Like many of Poe’s other works, “The Masque of The Red Death” is preoccupied with death, and the psychology of the macabre. The story is centered around prince Prospero, and his court of revelers, who have cloistered themselves away in an august, and plushly decorated cloistered abbey, while a plague known as the Red Death ravages the prince’s dominion. In response to the pervasiveness of death outside the prince’s walls, he decides to hold a seemingly endless masquerade ball. In Prospero’s opinion, it is “folly to grieve over, and think of” the plight outside. The prince’s recommended alternative is to embrace a hedonistic lifestyle complete with dancing, wine, and “Beauty.” To heighten the experience of the ball, the prince constructs a series of themed rooms with a different defining color. The seventh, and last room, is decorated with black drapes and lit by the light shining through a scarlet stained-glass window. The scarlet light throws a ghastly look upon the countenance of the revelers, making them bear a strong resemblance to the growing number of blood-specked corpses littering the countryside outside the abbey’s walls.

         The penultimate moment of the story comes when a masked reveler, in the guise of a plague victim, infiltrates the ball. Despite his own dubious behavior, Prospero labels the guest’s garb a “blasphemous mockery” and makes an attempt to reprimand him. Little does he know that the guest in question is not a derisive mockery of death, but Death itself. Many literary critics focus on the ways in which the “Red Death” is not a metaphor for any specific disease, but a metaphor for the human condition. Many elements of the story point to this. The disease’s association with blood, and the emphasis placed on time in the story, emphasize corporeality. Furthermore, the reveler’s attempts to avoid the “Red Death” can be seen as an act of raging defiance against death and old age, an act of defiance that is ultimately futile. Also symbolic is how the uninvited guest manages to infiltrate a supposedly impregnable fortress. In this case, Prospero’s sense of control over death proves to be nothing more than a comforting illusion. This piece is perfect as part of an introductory lesson on Edgar Allan Poe, and American Romanticism. Because of the heavy use of symbolism, and other literary devices, this piece also works well as part of a lesson on the conventions of writing.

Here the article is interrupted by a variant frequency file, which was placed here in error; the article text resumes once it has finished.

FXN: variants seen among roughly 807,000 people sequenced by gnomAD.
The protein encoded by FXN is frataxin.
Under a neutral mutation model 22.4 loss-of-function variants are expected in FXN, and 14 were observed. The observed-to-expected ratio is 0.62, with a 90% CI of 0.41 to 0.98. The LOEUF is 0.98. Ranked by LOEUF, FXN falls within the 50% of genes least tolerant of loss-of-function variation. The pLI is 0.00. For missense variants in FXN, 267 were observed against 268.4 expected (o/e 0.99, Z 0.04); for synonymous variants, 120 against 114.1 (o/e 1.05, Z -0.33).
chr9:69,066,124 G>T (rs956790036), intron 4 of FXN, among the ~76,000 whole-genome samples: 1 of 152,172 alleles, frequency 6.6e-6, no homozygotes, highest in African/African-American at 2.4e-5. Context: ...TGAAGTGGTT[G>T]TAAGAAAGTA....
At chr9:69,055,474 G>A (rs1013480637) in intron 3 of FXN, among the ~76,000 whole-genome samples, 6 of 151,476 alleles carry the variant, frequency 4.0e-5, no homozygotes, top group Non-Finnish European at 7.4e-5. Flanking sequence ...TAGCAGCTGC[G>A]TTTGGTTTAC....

Standards Addressed


Cite the textual evidence that most strongly supports an analysis of what the text says explicitly as well as inferences drawn from the text.


Determine a theme or central idea of a text and analyze its development over the course of the text, including its relationship to the characters, setting, and plot; provide an objective summary of the text.


By the end of the year, read and comprehend literature, including stories, dramas, and poems, at the high end of grades 6-8 text complexity band independently and proficiently.


Before Reading

In general, what kind of associations do you have with the color red? What has it come to represent and symbolize? Make a short list of your associations.


During Reading

Based upon the text, what are the reasons why the prince and his reveler’s decide to throw a masquerade ball at the abbey? In addition to any explicitly stated reasons, draw inferences about any implicit reasons. Make sure to cite your evidence. (CCSS.ELA-LITERACY.RL.8.1)

What hourly event disturbs the reveries of the prince and the partygoers? How do they respond to this event, and how do you make sense of their response? (CCSS.ELA-LITERACY.RL.8.1)


After Reading

Based upon the function the cloistered abbey is supposed to serve, what is ironic about the way the story ends? Support your answer with details from the text. (CCSS.ELA-LITERACY.RL.8.2)

If this story is viewed as a morality tale, what vice is prince Prospero being punished for? Furthermore, do you think his fate is a fair one? (CCSS.ELA-LITERACY.RL.8.2)


Connections in Text

Compare the ending of “The Masque of The Red Death” with the ending of Edgar Allan Poe’s “The Fall of The House of Usher,” also contained in the Books That Grow library. What thematic similarities do these endings share? Support your answer with textual evidence. (CCSS.ELA-LITERACY.RL.8.10)


Further Readings

For Teachers:

This link provides teachers with a relatively in depth analysis of the story’s symbols, and their relevance for course goals.